ISSN 1556-4975

OffCourse Literary Journal

 Published by Ricardo and Isabel Nirenberg since 1998


Three Poems by William Welch


(lines in quotes are from Robert Bly’s poems “The Pistachio Nut,” “Listening to Old Music,” and “Hiding in a Drop of Water”)

For Orin Domenico

“Like a note of music, you are about to become nothing.”
Is that what the trumpet tells the trumpeter?

He puts his lips to the mouthpiece, and sees a face
reflected in the brass with an anteater’s grin. He breathes

in, as though he is about to blow on the first coals of a cold
fire, then gives all of his breath to E flat. Next what? 

It’s funny the way snow seems permanent in late January.
Small flakes keep falling, trees bow under the weight.

Maybe it isn’t mass that makes gravity work.
“Maybe silence. The speed of the soul leaping over fences”

while the shoveler goes on spading snow creates that
sense of falling toward a center. When it’s quiet,

I feel how heavy my bones are. I want to sing,
even if what I sing has no melody, just a low hum,

a groan, like the bedouin women used to mourn.
“Well, music, go on growling about God.”

I like the way an alto saxophone comes apart
at the end of the night—how the reed pops out

like the tongue of Orpheus when the Maenads butchered him
because he spent too much time alone singing.

The drum kit and the trombone both try to warn us—
“Whatever happens to me will also happen to you.”

This snow is already melting. If you look close, you can see
the names of all the rivers of the world.

I stop a moment to watch my breath rise upward—
“I am ready to praise all great musicians.”



(lines in quotes are from Theodore Roethke’s poems “The Motion,” “What Can I Tell My Bones?” “The Rose” and “Root Cellar.”)

“Knowing how all things alter in the seed,”
she took apart the milkweed pods and picked out

from wax-colored floss inside each—small flat periods,
wrapped these together in a plastic bag,

then placed the bag on a freezer shelf, for only once
frozen will they grow. Some life must endure the cold

before it can tolerate and make use of sunlight.
“It is difficult to say all things are well—”

to affirm that given time even the pebbles of this earth
will sprout into their own being, as they have again

and again, and what we struggle toward will survive.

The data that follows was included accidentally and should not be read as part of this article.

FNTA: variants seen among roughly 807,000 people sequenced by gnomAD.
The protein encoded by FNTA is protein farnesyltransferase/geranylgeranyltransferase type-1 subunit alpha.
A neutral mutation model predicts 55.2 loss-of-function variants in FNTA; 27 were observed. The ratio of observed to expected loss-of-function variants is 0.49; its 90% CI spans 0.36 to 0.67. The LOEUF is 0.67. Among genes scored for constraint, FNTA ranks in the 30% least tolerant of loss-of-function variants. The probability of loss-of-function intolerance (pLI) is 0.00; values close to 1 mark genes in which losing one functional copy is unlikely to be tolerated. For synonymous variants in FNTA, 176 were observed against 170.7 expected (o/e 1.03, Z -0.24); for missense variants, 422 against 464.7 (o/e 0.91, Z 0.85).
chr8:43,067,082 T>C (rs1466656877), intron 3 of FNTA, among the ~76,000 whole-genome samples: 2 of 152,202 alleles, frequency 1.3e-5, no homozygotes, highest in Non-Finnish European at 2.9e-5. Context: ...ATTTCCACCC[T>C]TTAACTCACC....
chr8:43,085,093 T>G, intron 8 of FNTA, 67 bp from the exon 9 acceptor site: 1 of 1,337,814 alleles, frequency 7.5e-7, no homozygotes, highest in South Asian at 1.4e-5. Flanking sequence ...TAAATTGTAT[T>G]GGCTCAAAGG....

To acknowledge that “I” is only one permutation of a shape,

human, and incremental—that we are the infinite holding its breath,
counting one, two, three so life may develop its own rhythms.

We lend time a voice; we define a motion for dance, for singing.
Meanwhile, the stratified seeds stored in the freezer begin to change.

They are single points in time from which multiple summers emerge
“down in the corner of the garden, among the raggedy lilacs.”

She who waits for them to change, herself is changing.
She understands no single answer responds to winter.

Plays Winterreise. She experiences enough about suffering
to gauge how little she has suffered—how cold preserves

the messenger so its message may reach an ear. Who understands
the verb to listen better than the earth? It hears what every seed

has to say, and keeps their secrets. She carries them, ready,
cupped in her hands. “Nothing would give up life.” 



(lines in quotes are from Gerald Stern’s poems “The Faces I Love,” “Picking the Roses,”
and “Sometimes When I Close My Eyes.”)

“In the end my stillness will save me.”
After all of the chores are done, after

the medicine is chewed and eaten, after
blankets are wrapped around a man’s body

to keep him warm, and his mouth is cleaned, after
his tears have been wiped away with cotton gauze,

then I will remember again my years of practice
spent learning how books lie motionless on tables

until someone opens them, and how the millet seed
a chickadee discards sinks in gradual plummet

through wet snow. I can dwell on how my grandmother
folded her hands whenever she sat, ready to listen,

and sort out my afternoon, borrowing her silence.
“I will collect all the stupidity and sorrow

of the universe in one place” and conduct
my own auto-da-fé, burning this time

what should have burned before, burning the gold
watches and plumed hats, burning the harpoons,

burning silk neckties, and every map on which
cartographers wrote names without permission

from the land and the people. Every fanatic
will be made to study the etymology of “compassion.”

Then I can rest for a few days at home,
“hoping that my odd mind will keep me going.”

I will adopt one pose that will work for a lifetime,
as committed as a tree which knows it can never walk away.

Author William Welch lives in Utica, NY where he works as a registered nurse. His poetry has appeared in various journals, recently in Little Patuxent Review, Nine Mile Magazine, and Offcourse. He edits Doubly Mad for The Other Side of Utica ( You can find more about him on his website,

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